holdout

noun
hold·​out | \ ˈhōld-ˌau̇t How to pronounce holdout (audio) \

Definition of holdout

 (Entry 1 of 2)

: one that holds out (as in negotiations) also : an instance of holding out

hold out

verb
held out; holding out; holds out

Definition of hold out (Entry 2 of 2)

intransitive verb

1 : to remain unsubdued or unyielding where 30 of the … refugees were still holding out— Anna Tomforde also : to continue to function or be available : last entry 1 prayed that the engine would hold out as long as our money holds out
2 : to refuse to go along with others in a concerted action or to come to an agreement holding out for a shorter workweek

transitive verb

1 : to present as something realizable : proffer
2 : to represent to be
hold out on
: to withhold something (such as information) from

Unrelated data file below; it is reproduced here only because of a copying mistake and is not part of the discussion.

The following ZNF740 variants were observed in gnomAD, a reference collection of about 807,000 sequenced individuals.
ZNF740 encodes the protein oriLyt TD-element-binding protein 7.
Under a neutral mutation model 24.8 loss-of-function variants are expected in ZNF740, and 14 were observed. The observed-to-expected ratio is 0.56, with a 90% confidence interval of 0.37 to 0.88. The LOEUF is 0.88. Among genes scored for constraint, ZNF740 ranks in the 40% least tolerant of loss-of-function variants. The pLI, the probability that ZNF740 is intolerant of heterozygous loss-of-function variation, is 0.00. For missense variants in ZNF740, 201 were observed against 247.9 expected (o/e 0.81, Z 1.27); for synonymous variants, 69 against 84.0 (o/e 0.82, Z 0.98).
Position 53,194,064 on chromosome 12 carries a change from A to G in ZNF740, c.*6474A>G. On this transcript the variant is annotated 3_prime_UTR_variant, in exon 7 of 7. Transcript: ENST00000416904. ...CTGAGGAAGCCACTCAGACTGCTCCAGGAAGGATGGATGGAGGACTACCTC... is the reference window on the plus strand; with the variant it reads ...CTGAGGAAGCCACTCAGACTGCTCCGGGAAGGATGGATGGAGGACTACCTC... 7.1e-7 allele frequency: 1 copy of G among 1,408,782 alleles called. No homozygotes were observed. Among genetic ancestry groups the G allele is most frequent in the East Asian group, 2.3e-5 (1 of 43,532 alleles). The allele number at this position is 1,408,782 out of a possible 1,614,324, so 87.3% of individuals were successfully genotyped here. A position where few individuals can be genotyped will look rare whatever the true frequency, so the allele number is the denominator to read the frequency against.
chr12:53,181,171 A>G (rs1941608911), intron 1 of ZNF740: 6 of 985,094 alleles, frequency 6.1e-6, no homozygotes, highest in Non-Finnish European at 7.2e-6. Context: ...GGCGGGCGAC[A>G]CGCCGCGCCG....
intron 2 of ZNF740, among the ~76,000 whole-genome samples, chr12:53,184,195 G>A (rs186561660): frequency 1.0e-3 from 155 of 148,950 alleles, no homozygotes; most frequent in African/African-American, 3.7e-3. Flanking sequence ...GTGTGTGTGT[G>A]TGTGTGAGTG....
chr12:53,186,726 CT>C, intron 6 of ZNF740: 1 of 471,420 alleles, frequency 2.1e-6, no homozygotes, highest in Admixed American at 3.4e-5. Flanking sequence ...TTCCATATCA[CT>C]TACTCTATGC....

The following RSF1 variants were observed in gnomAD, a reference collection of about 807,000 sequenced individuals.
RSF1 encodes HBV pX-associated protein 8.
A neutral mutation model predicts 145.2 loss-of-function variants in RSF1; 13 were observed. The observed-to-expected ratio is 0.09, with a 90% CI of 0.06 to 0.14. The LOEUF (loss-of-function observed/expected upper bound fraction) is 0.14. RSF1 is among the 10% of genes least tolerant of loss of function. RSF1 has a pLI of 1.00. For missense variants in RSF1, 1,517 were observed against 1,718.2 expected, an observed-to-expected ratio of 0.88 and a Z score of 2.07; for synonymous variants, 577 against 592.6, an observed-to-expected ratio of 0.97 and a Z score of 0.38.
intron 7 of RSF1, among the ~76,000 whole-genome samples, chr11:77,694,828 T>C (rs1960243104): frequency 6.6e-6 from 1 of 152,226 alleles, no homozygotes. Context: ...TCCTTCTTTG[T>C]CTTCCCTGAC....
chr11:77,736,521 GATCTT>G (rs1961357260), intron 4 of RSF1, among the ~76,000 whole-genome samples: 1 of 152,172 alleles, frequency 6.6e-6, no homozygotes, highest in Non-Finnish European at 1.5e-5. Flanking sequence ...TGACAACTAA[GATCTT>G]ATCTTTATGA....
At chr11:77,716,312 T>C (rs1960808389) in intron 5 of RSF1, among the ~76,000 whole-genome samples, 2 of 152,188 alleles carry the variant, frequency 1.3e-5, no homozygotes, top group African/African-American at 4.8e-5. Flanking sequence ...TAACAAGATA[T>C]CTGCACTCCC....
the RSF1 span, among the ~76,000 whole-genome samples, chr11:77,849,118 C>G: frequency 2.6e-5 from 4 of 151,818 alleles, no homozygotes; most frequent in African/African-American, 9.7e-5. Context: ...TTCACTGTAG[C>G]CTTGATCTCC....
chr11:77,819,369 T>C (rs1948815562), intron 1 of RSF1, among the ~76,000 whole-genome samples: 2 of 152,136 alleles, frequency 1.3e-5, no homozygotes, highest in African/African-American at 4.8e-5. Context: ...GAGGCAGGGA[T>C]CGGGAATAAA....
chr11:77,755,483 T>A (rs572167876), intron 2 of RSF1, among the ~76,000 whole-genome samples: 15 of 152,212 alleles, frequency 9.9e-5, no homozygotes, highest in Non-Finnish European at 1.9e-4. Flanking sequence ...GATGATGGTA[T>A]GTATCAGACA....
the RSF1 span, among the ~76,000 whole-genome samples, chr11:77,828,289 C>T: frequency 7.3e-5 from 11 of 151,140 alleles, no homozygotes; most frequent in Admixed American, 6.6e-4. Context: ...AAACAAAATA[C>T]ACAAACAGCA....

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Synonyms & Antonyms for holdout

Synonyms: Verb

Antonyms: Verb

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Examples of holdout in a Sentence

Noun He says he might be a holdout at the start of the next season if the team doesn't agree to pay him more. He is expected to end his three-week holdout and join the team tomorrow. A few holdouts still use typewriters, but nearly everybody uses computers now. Verb we hoped our supply of firewood would hold out until power was restored luckily, the old outboard motor held out till we made it to shore